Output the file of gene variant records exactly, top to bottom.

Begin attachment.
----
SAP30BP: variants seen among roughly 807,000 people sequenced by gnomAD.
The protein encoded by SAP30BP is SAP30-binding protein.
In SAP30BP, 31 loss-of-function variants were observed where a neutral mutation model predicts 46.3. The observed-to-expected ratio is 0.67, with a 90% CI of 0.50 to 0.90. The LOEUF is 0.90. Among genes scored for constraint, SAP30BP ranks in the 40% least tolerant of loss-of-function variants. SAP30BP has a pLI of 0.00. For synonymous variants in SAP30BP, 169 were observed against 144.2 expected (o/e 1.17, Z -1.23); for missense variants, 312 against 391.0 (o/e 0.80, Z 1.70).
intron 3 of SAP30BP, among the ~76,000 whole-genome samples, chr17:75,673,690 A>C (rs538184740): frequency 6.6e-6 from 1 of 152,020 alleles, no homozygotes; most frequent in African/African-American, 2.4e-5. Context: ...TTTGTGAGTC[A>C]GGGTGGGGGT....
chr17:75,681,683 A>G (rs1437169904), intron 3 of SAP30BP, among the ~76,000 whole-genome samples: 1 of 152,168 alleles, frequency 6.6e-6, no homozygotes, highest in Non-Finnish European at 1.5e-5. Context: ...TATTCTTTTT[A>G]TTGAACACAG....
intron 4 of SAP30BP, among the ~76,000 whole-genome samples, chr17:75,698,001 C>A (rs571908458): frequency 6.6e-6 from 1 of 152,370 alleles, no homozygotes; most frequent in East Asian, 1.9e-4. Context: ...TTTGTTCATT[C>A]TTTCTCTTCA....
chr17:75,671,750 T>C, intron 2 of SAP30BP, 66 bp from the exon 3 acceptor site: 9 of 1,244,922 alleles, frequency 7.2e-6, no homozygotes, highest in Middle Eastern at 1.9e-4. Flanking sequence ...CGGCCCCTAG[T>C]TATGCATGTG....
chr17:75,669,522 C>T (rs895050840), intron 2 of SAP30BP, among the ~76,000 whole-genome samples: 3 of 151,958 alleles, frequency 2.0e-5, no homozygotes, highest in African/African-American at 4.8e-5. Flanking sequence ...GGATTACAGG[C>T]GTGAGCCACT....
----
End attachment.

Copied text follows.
SAP30BP: variants seen among roughly 807,000 people sequenced by gnomAD.
The protein encoded by SAP30BP is SAP30-binding protein.
In SAP30BP, 31 loss-of-function variants were observed where a neutral mutation model predicts 46.3. The observed-to-expected ratio is 0.67, with a 90% CI of 0.50 to 0.90. The LOEUF is 0.90. Among genes scored for constraint, SAP30BP ranks in the 40% least tolerant of loss-of-function variants. SAP30BP has a pLI of 0.00. For synonymous variants in SAP30BP, 169 were observed against 144.2 expected (o/e 1.17, Z -1.23); for missense variants, 312 against 391.0 (o/e 0.80, Z 1.70).
intron 3 of SAP30BP, among the ~76,000 whole-genome samples, chr17:75,673,690 A>C (rs538184740): frequency 6.6e-6 from 1 of 152,020 alleles, no homozygotes; most frequent in African/African-American, 2.4e-5. Context: ...TTTGTGAGTC[A>C]GGGTGGGGGT....
chr17:75,681,683 A>G (rs1437169904), intron 3 of SAP30BP, among the ~76,000 whole-genome samples: 1 of 152,168 alleles, frequency 6.6e-6, no homozygotes, highest in Non-Finnish European at 1.5e-5. Context: ...TATTCTTTTT[A>G]TTGAACACAG....
intron 4 of SAP30BP, among the ~76,000 whole-genome samples, chr17:75,698,001 C>A (rs571908458): frequency 6.6e-6 from 1 of 152,370 alleles, no homozygotes; most frequent in East Asian, 1.9e-4. Context: ...TTTGTTCATT[C>A]TTTCTCTTCA....
chr17:75,671,750 T>C, intron 2 of SAP30BP, 66 bp from the exon 3 acceptor site: 9 of 1,244,922 alleles, frequency 7.2e-6, no homozygotes, highest in Middle Eastern at 1.9e-4. Flanking sequence ...CGGCCCCTAG[T>C]TATGCATGTG....
chr17:75,669,522 C>T (rs895050840), intron 2 of SAP30BP, among the ~76,000 whole-genome samples: 3 of 151,958 alleles, frequency 2.0e-5, no homozygotes, highest in African/African-American at 4.8e-5. Flanking sequence ...GGATTACAGG[C>T]GTGAGCCACT....